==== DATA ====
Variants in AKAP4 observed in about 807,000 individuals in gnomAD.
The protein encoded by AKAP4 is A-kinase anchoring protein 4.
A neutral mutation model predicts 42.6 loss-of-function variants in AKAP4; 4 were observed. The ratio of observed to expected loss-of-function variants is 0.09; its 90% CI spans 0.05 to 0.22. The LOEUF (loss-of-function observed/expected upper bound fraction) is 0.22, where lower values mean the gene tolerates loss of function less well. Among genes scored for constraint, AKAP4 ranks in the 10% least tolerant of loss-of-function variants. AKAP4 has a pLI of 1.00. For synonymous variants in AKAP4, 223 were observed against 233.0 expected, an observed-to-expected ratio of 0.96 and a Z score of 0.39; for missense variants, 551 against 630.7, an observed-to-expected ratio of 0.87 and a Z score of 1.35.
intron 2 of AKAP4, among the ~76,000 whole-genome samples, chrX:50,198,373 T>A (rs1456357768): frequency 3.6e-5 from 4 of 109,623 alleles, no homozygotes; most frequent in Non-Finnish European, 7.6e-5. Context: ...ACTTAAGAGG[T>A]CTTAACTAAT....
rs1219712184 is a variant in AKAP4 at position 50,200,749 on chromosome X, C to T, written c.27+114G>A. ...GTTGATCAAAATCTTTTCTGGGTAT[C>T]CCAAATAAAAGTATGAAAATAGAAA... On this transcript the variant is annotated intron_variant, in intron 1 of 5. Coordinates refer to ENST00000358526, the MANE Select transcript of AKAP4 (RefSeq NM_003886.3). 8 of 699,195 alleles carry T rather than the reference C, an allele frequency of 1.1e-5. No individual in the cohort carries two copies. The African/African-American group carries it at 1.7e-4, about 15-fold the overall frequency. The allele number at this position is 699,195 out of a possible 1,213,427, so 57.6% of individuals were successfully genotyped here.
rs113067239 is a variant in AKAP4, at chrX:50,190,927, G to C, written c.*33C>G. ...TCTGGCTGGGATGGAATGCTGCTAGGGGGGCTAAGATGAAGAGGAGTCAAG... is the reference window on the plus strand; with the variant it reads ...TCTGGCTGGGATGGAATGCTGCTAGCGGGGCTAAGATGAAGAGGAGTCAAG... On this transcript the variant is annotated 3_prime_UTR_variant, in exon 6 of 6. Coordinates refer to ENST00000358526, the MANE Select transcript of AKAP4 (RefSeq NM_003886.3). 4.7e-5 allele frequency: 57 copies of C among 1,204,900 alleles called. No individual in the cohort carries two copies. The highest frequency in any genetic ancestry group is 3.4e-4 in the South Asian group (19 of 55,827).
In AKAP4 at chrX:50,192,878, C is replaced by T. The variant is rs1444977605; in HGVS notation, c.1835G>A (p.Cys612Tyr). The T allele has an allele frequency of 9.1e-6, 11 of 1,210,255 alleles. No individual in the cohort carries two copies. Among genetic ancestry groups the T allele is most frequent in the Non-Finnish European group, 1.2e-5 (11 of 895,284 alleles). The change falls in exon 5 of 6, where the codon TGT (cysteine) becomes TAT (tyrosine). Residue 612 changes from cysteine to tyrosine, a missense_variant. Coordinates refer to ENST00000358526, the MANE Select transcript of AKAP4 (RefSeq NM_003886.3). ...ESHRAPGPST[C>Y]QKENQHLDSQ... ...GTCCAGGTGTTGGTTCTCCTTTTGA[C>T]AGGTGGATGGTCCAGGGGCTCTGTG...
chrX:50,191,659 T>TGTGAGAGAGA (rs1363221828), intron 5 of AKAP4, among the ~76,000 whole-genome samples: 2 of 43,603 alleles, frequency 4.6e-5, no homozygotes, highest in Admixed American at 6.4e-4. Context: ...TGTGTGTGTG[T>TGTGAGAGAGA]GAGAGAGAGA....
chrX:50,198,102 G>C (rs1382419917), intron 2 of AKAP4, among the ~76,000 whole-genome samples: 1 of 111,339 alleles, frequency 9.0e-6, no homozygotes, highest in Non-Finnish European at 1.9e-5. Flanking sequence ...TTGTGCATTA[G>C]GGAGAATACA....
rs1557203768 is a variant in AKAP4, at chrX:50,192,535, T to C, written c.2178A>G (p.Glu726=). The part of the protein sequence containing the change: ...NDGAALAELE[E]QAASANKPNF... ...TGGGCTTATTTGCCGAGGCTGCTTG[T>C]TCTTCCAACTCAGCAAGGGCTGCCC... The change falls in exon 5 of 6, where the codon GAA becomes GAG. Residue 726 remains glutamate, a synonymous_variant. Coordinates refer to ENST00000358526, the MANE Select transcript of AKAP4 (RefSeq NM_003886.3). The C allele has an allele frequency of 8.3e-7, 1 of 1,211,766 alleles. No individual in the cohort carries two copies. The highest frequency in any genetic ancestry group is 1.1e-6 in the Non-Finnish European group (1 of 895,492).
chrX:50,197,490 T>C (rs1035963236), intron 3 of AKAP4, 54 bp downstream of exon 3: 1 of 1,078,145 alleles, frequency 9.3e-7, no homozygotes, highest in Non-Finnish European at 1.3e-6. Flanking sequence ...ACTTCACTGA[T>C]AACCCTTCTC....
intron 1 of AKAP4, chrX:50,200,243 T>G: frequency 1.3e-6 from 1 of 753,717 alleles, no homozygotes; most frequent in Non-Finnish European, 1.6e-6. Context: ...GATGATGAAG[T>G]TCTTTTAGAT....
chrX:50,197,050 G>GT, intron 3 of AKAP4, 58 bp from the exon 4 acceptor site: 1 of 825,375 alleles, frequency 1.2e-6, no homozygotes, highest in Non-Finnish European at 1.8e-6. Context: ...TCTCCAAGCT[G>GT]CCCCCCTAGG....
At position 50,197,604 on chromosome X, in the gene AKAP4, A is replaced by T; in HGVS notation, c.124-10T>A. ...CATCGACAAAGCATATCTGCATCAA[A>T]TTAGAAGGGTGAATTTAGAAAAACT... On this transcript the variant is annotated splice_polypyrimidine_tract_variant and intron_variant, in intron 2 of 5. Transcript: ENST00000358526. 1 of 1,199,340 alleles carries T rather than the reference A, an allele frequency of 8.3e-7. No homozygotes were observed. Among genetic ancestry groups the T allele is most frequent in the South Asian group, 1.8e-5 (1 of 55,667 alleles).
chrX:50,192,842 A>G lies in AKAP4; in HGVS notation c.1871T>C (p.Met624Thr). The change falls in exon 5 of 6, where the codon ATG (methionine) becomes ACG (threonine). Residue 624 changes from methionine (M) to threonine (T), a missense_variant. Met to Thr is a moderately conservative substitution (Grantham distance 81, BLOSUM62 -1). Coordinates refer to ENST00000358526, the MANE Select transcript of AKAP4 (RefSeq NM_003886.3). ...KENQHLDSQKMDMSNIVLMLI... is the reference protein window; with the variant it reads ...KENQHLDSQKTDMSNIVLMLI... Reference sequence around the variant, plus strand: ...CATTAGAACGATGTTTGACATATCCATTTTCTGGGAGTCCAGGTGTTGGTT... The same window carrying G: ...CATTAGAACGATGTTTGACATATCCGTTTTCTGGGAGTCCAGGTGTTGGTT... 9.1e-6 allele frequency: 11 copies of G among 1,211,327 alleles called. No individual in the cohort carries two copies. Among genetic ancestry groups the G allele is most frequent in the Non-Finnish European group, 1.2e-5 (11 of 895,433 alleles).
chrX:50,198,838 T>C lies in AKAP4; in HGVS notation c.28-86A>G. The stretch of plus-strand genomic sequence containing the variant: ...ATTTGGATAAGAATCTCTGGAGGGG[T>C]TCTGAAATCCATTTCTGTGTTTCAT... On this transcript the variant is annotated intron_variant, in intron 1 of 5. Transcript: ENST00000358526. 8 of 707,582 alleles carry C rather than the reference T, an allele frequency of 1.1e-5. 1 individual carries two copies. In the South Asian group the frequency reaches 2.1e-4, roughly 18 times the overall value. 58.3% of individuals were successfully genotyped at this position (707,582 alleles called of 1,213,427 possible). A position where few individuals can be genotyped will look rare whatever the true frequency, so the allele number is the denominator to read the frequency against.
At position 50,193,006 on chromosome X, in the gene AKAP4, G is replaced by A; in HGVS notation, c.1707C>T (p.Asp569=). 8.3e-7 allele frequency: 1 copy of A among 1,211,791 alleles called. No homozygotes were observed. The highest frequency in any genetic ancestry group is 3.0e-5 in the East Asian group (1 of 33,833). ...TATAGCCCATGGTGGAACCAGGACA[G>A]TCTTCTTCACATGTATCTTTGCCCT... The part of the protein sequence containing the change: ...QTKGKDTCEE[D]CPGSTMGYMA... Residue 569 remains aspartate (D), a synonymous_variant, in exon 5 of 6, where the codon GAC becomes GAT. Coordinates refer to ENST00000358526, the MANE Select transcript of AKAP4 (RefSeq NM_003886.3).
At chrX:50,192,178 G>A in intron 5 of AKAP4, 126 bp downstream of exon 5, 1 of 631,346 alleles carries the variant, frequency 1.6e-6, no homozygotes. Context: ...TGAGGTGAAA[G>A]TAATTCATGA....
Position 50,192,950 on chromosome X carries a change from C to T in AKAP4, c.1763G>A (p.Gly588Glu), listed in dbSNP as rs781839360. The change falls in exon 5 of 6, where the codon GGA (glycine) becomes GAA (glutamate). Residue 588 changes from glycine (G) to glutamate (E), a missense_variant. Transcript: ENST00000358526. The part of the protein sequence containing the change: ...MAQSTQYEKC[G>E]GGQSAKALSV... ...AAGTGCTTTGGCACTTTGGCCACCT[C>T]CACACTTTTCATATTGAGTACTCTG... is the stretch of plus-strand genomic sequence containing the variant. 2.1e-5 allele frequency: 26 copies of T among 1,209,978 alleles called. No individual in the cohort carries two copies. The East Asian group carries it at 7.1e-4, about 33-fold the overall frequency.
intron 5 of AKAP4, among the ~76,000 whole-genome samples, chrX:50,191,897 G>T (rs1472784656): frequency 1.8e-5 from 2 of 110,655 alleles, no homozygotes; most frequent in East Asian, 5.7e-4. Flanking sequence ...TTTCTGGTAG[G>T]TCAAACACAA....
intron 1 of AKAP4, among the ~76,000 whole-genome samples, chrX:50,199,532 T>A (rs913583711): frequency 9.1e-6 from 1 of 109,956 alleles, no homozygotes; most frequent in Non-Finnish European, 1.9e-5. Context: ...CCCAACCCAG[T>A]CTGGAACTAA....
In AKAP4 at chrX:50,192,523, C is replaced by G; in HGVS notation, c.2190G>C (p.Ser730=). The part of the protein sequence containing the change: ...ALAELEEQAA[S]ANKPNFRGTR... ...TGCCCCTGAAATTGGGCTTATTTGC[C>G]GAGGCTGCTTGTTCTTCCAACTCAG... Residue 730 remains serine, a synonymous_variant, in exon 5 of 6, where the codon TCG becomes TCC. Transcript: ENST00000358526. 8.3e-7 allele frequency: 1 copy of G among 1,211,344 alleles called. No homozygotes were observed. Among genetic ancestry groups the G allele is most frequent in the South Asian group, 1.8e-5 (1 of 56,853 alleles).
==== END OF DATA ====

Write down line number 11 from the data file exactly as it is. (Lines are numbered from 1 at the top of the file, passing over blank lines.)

chrX:50,197,490 T>C (rs1035963236), intron 3 of AKAP4, 54 bp downstream of exon 3: 1 of 1,078,145 alleles, frequency 9.3e-7, no homozygotes, highest in Non-Finnish European at 1.3e-6. Flanking sequence ...ACTTCACTGA[T>C]AACCCTTCTC....